PSN-L Email List Message

Subject: Re: Okhotsk quake
From: Bob Hancock carpediem1@.........
Date: Mon, 24 Nov 2008 12:27:29 -0700

Steiner -

There is a USGS web site that computes phase arrival times.  Beware  
that the surface waves times may not be accurate, but the body waves  
should be within a second or two.  At the top in the header before the  
list of phase arrival times, it lists the peak amplitude of 20 second  
surface waves.  You can compare that with what your instrument is  
capable of recording.  A geophone works in a higher frequency range  
than surface waves.   What you see primarily with a geophone is the  
initial P waves and other higher frequency waves.  See link to USGS  

The focal mechanism of an earthquakes, the ray path of the waves to  
your station, and the sensitivity of your instrument will determine  
what waves are visible at your station.  Using this event, if you pick  
a selection of other stations and look at the waves that are visible,  
you will see significant variations.  To read more about focal  
mechanisms see the following link:

There is no clear cut answer to your question about an earthquake that  
is 7000 km showing up on a 4.5 Hz geophone.  The answer is depend upon  
several factors including the sensitivity of your geophone,  
orientation of the instrument (unless it is 3 channel with proper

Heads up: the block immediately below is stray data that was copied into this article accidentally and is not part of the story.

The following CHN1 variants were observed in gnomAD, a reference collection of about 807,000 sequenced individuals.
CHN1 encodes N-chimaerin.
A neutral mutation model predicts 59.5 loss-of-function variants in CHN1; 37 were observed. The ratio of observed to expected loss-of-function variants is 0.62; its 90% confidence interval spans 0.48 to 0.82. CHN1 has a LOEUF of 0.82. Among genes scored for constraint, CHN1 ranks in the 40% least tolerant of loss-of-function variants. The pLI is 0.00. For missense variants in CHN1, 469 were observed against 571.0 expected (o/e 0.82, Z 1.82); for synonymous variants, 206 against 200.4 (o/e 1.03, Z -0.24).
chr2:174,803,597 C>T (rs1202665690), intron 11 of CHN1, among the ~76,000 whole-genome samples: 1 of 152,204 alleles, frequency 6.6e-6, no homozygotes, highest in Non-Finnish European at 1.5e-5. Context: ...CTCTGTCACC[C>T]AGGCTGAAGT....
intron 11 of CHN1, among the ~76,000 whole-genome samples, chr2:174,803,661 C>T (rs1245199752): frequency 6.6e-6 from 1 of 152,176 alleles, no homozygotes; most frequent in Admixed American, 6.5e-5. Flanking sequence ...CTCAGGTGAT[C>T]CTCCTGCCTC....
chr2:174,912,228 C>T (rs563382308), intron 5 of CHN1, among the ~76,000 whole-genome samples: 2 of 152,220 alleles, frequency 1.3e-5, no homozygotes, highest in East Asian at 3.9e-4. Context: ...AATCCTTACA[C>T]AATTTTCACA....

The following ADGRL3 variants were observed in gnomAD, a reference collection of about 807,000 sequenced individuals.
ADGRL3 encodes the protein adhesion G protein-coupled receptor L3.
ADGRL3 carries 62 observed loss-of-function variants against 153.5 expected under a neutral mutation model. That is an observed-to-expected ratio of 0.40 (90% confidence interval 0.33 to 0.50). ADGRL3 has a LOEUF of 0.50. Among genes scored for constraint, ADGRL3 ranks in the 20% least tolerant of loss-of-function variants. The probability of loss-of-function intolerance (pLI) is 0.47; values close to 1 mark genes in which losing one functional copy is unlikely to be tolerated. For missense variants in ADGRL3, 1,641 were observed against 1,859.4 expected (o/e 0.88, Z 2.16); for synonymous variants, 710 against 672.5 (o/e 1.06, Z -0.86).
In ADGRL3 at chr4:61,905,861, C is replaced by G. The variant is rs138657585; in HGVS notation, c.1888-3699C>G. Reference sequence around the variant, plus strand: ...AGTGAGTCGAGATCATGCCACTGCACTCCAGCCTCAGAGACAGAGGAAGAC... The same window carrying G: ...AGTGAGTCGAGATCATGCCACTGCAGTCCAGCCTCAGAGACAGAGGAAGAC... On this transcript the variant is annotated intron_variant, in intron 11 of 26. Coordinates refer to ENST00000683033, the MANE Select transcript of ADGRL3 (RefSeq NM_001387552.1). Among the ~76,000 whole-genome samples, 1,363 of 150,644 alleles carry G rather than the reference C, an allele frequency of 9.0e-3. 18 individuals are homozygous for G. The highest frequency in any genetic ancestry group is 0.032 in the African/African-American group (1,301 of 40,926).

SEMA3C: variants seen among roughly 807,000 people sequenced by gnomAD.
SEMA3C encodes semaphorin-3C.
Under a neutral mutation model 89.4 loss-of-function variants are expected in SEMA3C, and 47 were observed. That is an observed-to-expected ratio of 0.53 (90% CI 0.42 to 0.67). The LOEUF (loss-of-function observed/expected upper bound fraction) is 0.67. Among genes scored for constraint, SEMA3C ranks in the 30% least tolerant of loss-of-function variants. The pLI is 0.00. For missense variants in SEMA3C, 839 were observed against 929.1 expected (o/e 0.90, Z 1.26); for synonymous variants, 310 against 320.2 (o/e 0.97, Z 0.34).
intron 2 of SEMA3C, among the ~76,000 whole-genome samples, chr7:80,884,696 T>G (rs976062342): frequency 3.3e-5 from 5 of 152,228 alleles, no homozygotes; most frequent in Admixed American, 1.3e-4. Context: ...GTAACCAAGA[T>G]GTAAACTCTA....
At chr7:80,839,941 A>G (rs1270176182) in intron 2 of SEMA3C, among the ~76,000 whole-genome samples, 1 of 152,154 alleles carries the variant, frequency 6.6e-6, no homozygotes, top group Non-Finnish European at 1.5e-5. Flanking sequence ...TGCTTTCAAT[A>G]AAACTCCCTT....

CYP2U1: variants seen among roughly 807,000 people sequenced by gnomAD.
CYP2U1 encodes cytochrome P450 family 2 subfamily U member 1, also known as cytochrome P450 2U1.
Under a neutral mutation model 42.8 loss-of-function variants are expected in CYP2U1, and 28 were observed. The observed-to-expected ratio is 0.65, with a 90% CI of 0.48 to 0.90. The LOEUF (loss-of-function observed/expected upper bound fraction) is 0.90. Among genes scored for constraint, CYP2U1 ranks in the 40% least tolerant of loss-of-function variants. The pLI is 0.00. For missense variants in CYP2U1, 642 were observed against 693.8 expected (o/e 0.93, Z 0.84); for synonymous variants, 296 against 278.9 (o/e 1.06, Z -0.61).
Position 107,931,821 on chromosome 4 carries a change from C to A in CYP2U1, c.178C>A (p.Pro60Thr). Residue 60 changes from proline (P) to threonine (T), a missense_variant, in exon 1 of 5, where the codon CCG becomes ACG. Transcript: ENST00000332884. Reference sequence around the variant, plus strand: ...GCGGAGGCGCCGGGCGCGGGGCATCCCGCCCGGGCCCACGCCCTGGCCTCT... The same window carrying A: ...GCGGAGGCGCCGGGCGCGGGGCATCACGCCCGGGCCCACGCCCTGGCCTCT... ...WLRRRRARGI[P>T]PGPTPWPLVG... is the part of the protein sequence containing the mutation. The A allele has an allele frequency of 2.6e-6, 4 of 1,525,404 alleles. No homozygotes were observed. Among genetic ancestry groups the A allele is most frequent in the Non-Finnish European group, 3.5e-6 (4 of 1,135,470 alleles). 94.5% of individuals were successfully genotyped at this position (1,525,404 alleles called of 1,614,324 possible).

orientation), and the depth, magnitude, and focal mechanism of the  
event.    P wave recording should not be a problem assuming you're on  
a lobe with peak amplitude.  If you are in a null area you will not  
record the event.  Following is a link for focal mechanisms:

Bob Hancock

On Nov 24, 2008, at 10:52 AM, Steinar Midtskogen wrote:

> Bob,
>> diminished.  For comparison, I would suggest that you download this
>> event through the Wilber II option on the IRIS web site at:
> A useful resource, thanks.  I downloaded the SAC files from the
> Kongsberg station, excellent data.  They also had a very strong peak
> at about 1.1 - 1.2 Hz for the first three minutes or so of the P wave,
> like I saw on my geophone.  I didn't expect that a geophone could
> record quakes that distant.
>>> Will a quake nearly 7000 km away every show up on a 4.5 Hz
>>> geophone?
> Typo, I meant "ever".
> -- 
> Steinar
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